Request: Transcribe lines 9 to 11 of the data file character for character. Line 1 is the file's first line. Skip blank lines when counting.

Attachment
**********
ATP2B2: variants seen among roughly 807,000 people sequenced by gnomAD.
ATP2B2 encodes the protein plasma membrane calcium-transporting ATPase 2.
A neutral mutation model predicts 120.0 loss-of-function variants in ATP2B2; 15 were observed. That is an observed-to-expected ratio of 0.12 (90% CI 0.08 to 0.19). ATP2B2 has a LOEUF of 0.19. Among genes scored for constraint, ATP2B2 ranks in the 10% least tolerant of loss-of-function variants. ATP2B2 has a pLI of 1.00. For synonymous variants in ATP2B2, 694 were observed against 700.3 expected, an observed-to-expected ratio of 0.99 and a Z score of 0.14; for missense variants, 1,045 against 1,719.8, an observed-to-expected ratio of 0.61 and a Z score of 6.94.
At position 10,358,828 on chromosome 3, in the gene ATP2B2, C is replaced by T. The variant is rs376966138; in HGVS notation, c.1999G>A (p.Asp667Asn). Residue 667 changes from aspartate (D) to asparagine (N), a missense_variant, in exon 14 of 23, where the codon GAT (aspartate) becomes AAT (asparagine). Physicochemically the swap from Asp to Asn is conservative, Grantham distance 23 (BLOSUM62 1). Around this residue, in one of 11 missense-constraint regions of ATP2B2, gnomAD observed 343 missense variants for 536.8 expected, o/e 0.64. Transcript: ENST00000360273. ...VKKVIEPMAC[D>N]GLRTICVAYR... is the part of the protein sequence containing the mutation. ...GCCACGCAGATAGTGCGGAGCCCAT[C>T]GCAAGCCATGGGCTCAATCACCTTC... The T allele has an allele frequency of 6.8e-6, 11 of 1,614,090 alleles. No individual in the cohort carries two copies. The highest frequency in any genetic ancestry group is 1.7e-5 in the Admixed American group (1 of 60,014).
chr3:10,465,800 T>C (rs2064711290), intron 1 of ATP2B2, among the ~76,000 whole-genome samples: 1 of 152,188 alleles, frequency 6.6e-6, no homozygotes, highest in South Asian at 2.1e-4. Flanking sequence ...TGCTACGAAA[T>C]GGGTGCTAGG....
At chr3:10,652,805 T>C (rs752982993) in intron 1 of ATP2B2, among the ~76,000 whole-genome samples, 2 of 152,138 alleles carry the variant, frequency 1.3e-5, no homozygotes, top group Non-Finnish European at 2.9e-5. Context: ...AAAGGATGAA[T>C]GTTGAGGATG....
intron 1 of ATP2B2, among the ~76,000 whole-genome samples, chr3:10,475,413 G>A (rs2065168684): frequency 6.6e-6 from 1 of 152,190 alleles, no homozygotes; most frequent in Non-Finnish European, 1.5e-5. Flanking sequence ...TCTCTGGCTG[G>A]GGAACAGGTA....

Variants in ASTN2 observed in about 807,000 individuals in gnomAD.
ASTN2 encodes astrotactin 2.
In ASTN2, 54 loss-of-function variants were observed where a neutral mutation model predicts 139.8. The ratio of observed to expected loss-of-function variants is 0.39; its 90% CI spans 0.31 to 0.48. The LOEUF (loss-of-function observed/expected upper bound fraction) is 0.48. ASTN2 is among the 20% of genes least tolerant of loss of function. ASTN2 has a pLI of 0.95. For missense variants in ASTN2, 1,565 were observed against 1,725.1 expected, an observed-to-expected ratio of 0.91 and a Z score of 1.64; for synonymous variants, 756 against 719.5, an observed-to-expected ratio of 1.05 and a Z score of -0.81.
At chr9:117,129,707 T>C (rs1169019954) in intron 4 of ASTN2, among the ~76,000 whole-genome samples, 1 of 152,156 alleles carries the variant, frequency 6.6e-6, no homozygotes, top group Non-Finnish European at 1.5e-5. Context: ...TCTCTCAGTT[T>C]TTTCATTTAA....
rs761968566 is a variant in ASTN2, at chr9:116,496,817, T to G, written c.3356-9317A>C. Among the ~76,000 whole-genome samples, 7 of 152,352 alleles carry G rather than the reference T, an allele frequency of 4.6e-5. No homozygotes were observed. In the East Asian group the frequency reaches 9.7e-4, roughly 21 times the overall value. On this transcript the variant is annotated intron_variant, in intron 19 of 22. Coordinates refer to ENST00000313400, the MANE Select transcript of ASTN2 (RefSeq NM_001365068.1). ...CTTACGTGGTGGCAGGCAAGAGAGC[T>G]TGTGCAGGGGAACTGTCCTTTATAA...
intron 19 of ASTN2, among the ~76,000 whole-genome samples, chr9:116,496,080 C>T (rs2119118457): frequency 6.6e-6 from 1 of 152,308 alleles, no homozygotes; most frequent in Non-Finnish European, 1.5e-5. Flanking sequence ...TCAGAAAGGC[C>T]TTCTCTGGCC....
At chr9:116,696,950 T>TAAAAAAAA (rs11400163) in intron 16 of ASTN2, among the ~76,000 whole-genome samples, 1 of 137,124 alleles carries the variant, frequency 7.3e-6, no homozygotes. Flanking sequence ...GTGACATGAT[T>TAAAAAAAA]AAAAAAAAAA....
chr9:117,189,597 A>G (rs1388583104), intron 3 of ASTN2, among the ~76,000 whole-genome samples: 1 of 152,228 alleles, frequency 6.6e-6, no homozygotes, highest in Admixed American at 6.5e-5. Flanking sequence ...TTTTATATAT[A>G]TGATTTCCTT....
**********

ASTN2 encodes astrotactin 2.
In ASTN2, 54 loss-of-function variants were observed where a neutral mutation model predicts 139.8. The ratio of observed to expected loss-of-function variants is 0.39; its 90% CI spans 0.31 to 0.48. The LOEUF (loss-of-function observed/expected upper bound fraction) is 0.48. ASTN2 is among the 20% of genes least tolerant of loss of function. ASTN2 has a pLI of 0.95. For missense variants in ASTN2, 1,565 were observed against 1,725.1 expected, an observed-to-expected ratio of 0.91 and a Z score of 1.64; for synonymous variants, 756 against 719.5, an observed-to-expected ratio of 1.05 and a Z score of -0.81.
At chr9:117,129,707 T>C (rs1169019954) in intron 4 of ASTN2, among the ~76,000 whole-genome samples, 1 of 152,156 alleles carries the variant, frequency 6.6e-6, no homozygotes, top group Non-Finnish European at 1.5e-5. Context: ...TCTCTCAGTT[T>C]TTTCATTTAA....